Thursday, 6 October 2005
Department of Environment, Heritage and Local Government
Question 231: To ask the Minister for the Environment, Heritage and Local Government his planned timetable for the adoption of Directive 2002/3/EC dealing with ozone in ambient air; the results of tests for the past number of years; his views on the trend, frequency, distribution of tests and readings; and if he will make a statement on the matter. [27256/05]
The Ozone in Ambient Air Regulations 2004, which transpose Directive 2002/3/EC, were signed on 11 February 2004. Under these regulations, the directive is being implemented and enforced by the Environmental Protection Agency. This includes responsibility for ensuring, or causing to be ensured, that ozone monitoring equipment is accurate and appropriately situated.
The 2004 regulations require the agency routinely to inform the public, on at least a daily basis and, wherever appropriate and practicable, on an hourly basis, of the concentrations of ozone in ambient air. The agency is doing this, inter alia, through its air quality website which was launched in January 2004.
Also under the regulations, where the information threshold, 180 μg/m, or the new more stringent alert threshold, 240 μg/m, is exceeded, or where practicable is predicted to be exceeded, the agency is required to make certain information publicly available as soon as possible and by appropriate means. The information to be made available includes the exceedance, its location, start time, duration, forecasted changes in concentrations, the type of population groups potentially at risk, possible health effects and recommended conduct, and preventive action to reduce pollution or exposure to it.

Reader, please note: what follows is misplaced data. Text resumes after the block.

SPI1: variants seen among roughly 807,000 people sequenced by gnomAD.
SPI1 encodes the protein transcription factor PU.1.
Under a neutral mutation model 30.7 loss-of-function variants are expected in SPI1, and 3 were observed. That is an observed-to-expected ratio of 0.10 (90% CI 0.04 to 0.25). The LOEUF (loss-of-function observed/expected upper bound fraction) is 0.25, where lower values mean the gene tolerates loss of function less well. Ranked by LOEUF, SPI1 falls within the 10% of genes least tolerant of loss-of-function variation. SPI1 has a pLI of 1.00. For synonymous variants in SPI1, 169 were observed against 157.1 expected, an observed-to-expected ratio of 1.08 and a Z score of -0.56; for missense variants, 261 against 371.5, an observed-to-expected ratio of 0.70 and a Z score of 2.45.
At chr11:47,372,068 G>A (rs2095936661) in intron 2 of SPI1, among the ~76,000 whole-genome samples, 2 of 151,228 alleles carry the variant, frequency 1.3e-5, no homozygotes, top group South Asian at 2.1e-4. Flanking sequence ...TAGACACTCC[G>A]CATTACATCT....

Due to Ireland's geographical location and meteorological circumstances, ozone pollution has not been a significant problem here. No exceedances of the 180 μg/m; information threshold were reported by the EPA on behalf of Ireland during the last eight summer seasons from 1997 to 2004 when hot weather conditions and the presence of ozone precursors which chemically react in sunlight caused ozone pollution episodes in many parts of mainland Europe.
I understand from the agency that in 2003 one relatively minor exceedance of the population information threshold was recorded at a concentration level of 181.2 μg/m. This occurred on 18 April, Good Friday, between 4 p.m. and 5 p.m. and lasted for one hour. Owing to a problem earlier in the day with the data transmission element of the agency's automatic monitoring system, this specific concentration level was not notified to Met Éireann for public information broadcast. When this anomaly came to light the next day following contact by Met Éireann, the agency rectified the problem immediately. Given the relatively minor nature of the exceedance, its short duration, and the maintenance of subsequent readings below 180 μg/m, the agency did not ask Met Éireann to issue any public information alert as the exceedance had happened the previous day.